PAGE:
DAOs and DACs in the Real Physical World: Open Questions

DAOs and DACs in the Real Physical World: Open Questions

Decentralized Autonomous Organizations (DAOs) and Corporations (DACs) represent a disruptive and somewhat subversive conceptual innovation for both for-profit companies and non-profit organizations. See my previous post for a short outline of DAOs and DACs. This post is focused on operational and business models for “real world” DACs, with open questions that need answers.

“DAOs/DACs (decentralized autonomous organizations/corporations) are a concept derived from artificial intelligence,” reads a short conceptual explanation in “Blockchain: Blueprint for a New Economy,” a 2015 book by futurist Melanie Swan. “Here, a decentralized network of autonomous agents perform tasks, which can be conceived in the model of a corporation running without any human involvement under the control of a set of business rules.”

“In a DAO/DAC, there are smart contracts as agents running on blockchains that execute ranges of prespecified or preapproved tasks based on events and changing conditions. Not only would groups of smart contracts operating on the blockchain start to instantiate the model of an autonomous corporation, but the functions and operation of real physical-world businesses could be reconceived on the blockchain, as well. As Bitcoin currency transactions reinvent and make the remittances market more efficient, DAOs and DACs could do the same for businesses.”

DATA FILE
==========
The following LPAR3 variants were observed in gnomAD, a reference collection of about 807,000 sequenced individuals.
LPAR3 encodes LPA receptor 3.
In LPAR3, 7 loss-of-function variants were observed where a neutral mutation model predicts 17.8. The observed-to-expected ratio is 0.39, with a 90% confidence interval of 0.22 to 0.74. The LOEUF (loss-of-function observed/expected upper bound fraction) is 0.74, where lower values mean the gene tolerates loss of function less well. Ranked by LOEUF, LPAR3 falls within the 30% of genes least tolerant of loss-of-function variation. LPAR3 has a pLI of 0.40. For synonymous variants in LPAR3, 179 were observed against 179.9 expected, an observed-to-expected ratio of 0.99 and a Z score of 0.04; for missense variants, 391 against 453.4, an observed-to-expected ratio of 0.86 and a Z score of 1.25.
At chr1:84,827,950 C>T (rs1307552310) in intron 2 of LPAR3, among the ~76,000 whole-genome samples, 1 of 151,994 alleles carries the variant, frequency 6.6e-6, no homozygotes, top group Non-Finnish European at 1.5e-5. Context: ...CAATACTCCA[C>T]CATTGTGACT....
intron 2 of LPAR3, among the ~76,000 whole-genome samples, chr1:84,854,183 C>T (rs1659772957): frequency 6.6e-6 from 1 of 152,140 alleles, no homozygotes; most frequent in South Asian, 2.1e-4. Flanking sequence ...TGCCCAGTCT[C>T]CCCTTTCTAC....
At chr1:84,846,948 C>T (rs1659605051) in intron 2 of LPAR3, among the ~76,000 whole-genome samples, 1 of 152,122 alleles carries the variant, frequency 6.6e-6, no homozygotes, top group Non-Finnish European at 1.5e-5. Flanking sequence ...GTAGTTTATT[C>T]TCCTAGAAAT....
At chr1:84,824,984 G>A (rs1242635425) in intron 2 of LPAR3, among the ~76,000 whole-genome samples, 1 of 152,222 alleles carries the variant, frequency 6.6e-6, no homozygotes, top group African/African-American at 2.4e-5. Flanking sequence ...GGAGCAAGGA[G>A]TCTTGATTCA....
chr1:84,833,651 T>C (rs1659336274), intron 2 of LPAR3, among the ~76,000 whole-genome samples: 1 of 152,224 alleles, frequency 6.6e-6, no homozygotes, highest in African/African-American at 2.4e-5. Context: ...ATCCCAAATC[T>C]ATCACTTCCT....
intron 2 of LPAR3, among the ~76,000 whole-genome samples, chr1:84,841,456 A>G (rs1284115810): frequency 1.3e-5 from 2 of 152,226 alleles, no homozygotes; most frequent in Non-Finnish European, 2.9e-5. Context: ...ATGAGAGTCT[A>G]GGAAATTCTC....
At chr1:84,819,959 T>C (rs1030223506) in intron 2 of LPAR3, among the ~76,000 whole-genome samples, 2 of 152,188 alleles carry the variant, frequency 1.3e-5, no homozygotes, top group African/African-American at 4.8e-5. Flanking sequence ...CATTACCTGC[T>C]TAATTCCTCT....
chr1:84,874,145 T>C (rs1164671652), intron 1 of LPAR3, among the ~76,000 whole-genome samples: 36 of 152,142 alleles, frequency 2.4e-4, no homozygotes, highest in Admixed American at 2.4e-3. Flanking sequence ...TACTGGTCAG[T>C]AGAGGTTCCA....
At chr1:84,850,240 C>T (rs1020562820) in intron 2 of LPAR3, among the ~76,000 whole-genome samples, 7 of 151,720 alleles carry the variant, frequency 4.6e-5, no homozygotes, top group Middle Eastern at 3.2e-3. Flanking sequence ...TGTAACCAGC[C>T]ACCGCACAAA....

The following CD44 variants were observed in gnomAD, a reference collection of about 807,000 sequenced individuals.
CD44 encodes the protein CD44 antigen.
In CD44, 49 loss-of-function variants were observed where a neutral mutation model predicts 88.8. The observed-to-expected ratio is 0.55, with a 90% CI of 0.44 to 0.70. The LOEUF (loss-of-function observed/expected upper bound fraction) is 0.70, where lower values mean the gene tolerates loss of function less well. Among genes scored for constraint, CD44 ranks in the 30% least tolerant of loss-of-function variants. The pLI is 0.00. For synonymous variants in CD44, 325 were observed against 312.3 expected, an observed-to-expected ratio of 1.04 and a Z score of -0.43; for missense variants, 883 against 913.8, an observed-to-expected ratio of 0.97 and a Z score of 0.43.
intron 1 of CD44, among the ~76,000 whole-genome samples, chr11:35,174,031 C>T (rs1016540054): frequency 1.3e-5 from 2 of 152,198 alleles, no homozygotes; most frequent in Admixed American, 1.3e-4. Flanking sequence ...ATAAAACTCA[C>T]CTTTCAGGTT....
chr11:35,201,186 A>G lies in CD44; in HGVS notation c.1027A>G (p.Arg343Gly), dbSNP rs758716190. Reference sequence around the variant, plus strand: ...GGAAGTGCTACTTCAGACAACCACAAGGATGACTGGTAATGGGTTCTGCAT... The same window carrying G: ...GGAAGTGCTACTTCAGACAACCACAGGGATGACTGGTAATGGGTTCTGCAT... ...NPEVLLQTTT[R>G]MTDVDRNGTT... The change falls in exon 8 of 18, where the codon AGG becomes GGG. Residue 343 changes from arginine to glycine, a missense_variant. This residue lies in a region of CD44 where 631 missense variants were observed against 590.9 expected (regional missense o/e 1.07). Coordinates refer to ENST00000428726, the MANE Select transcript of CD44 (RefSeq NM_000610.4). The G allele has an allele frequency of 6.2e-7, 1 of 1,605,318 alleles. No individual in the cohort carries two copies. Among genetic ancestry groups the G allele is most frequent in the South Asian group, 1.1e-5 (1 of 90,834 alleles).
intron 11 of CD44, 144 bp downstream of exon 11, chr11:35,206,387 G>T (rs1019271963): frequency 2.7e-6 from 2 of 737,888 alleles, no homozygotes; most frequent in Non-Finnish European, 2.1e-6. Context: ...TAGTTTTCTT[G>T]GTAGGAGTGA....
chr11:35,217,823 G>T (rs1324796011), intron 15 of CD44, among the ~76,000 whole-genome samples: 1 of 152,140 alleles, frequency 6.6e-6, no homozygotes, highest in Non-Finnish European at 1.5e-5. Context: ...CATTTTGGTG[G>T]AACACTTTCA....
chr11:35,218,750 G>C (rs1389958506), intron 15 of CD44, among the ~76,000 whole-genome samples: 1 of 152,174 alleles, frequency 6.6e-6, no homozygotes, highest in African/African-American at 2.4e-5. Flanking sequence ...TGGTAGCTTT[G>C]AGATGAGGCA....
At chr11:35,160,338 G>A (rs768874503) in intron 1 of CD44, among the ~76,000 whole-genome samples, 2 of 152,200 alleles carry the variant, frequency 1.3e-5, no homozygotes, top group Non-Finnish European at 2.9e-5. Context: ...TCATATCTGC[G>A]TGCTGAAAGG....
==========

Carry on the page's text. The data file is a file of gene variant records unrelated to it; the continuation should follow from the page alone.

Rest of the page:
OK that sounds super cool and worth doing, but how does one, you know, DO it? In practice?

An Operational Framework for Decentralized Autonomous Organizations” was laid out in 2015 – before the high drama of the fast rise and swift fall of The DAO in 2016 – by William Mougayar, the author of “The Business Blockchain: Promise, Practice, and Application of the Next Internet Technology.” A revised version of the 2015 post outlining the nuts and bolts of bootstrapping and running a DAO is in the book section “The DAOs Are Coming.”

In June 2016, after the fall of The DAO, Mougayar wrote about “What We Can Learn From the DAO Experiment, DAOs and Decentralized Governance.”

“I have warned twice publicly about the DAO, primarily that the amount of money raised was too high,” noted Mougayar. “Second, I felt that the complexity of its governance and sole dependence on smart contracts were a ticking bomb. I thought there was too much on the table all at once. I strongly believed that the same experimentation benefits could have been achieved with much lower risk, while preserving a similar diversity in user participation.”

“You don’t need $150M+ to initiate an experiment in autonomously funded and operated organizations based on smart contract governance with unproven code and inexperienced managers. In my opinion, $10-15M would have sufficed, and yielded the same benefits and lessons, even if it might have gathered less headlines and public attention.”

That sounds like wise advice, in the “learn to walk before you try to run” sense. In the book, Mougayar notes that a successful Initial Coin Offering (ICO) or token sale is only a first step: a successful DAO needs a solid architecture, a watertight software implementation, and above all a sound business model. Success is measured by increasing market price of a DAO’s (or DAC’s) native coin or token, but must be ensured by good business models and practices.